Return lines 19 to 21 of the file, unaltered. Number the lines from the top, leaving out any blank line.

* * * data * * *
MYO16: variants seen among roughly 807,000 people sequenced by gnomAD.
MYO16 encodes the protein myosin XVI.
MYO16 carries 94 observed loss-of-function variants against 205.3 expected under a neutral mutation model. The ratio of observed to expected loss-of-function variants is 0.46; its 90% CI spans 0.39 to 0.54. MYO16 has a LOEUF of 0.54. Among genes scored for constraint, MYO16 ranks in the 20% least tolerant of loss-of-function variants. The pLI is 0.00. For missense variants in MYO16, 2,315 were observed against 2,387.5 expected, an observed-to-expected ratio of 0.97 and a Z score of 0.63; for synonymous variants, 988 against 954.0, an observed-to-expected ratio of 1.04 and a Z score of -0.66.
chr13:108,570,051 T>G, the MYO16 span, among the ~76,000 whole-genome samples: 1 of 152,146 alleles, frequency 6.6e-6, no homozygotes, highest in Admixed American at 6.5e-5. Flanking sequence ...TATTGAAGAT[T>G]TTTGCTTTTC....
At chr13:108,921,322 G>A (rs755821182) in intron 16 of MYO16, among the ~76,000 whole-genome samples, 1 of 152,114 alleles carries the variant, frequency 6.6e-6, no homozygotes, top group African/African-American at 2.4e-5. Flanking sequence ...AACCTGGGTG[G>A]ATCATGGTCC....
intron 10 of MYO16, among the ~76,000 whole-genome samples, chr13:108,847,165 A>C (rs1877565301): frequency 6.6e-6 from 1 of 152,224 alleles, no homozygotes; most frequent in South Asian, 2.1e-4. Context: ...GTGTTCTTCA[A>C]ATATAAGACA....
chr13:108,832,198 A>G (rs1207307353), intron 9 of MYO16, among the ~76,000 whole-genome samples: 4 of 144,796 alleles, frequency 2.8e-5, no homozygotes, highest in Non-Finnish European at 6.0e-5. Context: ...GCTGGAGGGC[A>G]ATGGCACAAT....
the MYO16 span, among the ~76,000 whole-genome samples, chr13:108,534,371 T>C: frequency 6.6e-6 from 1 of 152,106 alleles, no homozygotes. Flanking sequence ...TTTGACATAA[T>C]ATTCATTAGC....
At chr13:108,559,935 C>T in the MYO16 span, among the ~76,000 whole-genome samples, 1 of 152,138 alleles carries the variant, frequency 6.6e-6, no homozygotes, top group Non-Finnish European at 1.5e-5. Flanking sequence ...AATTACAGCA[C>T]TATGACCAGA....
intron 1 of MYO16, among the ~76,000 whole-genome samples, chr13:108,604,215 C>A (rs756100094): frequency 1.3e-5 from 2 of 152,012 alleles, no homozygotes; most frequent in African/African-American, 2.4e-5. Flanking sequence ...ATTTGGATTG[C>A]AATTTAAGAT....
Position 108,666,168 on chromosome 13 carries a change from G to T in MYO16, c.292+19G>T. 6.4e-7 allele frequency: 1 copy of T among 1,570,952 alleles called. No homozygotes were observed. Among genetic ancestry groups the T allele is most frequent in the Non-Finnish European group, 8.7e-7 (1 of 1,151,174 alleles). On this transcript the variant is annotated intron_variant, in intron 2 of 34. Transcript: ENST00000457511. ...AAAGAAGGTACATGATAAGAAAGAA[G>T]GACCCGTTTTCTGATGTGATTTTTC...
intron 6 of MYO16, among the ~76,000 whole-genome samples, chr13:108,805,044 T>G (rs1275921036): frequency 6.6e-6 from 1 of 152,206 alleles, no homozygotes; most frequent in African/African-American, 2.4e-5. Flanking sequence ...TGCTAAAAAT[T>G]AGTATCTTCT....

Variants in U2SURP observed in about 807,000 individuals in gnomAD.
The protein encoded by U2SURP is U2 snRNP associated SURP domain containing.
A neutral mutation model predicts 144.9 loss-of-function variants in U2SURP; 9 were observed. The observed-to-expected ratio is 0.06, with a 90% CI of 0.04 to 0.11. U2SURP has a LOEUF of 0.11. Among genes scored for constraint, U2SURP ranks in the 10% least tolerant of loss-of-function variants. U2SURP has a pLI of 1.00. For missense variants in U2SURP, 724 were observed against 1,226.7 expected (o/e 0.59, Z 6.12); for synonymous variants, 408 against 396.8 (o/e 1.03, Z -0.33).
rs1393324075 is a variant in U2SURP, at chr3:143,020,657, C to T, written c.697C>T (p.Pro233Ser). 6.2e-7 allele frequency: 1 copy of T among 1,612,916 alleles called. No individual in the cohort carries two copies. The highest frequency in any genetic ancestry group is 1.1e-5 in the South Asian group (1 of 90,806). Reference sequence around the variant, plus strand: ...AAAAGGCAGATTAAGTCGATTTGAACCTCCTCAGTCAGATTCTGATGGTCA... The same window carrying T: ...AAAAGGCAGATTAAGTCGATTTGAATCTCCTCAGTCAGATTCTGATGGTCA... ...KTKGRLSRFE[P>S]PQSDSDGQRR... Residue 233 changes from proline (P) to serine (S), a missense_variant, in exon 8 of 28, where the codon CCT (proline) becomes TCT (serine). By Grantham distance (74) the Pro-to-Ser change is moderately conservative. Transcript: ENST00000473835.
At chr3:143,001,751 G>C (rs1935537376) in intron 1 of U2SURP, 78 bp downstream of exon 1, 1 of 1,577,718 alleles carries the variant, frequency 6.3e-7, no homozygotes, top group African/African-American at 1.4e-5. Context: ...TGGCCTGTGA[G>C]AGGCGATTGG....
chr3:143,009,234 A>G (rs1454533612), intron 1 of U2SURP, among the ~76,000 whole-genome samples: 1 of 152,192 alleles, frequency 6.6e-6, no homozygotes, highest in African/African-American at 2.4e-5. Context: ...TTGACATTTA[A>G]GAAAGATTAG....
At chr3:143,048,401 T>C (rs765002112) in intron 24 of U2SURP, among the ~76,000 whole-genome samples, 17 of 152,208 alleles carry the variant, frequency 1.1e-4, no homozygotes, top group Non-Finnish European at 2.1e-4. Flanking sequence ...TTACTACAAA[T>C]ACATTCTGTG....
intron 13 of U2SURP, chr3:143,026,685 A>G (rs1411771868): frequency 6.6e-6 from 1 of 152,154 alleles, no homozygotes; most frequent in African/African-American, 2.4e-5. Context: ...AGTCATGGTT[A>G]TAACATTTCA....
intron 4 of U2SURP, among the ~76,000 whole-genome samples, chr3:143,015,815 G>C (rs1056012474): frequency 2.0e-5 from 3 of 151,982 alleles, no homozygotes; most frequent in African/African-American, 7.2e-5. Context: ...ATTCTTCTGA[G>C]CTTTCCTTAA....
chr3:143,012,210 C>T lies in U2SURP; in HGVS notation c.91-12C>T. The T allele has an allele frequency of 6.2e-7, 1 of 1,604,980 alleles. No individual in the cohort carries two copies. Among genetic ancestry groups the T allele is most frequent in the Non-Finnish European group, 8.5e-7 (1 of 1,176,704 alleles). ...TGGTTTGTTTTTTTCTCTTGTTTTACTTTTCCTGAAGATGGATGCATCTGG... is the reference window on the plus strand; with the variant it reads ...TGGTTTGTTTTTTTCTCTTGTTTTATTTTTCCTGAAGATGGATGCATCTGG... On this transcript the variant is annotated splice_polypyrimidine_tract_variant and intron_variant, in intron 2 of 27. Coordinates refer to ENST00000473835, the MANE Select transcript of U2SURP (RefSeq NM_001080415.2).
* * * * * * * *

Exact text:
At chr3:143,048,401 T>C (rs765002112) in intron 24 of U2SURP, among the ~76,000 whole-genome samples, 17 of 152,208 alleles carry the variant, frequency 1.1e-4, no homozygotes, top group Non-Finnish European at 2.1e-4. Flanking sequence ...TTACTACAAA[T>C]ACATTCTGTG....
intron 13 of U2SURP, chr3:143,026,685 A>G (rs1411771868): frequency 6.6e-6 from 1 of 152,154 alleles, no homozygotes; most frequent in African/African-American, 2.4e-5. Context: ...AGTCATGGTT[A>G]TAACATTTCA....
intron 4 of U2SURP, among the ~76,000 whole-genome samples, chr3:143,015,815 G>C (rs1056012474): frequency 2.0e-5 from 3 of 151,982 alleles, no homozygotes; most frequent in African/African-American, 7.2e-5. Context: ...ATTCTTCTGA[G>C]CTTTCCTTAA....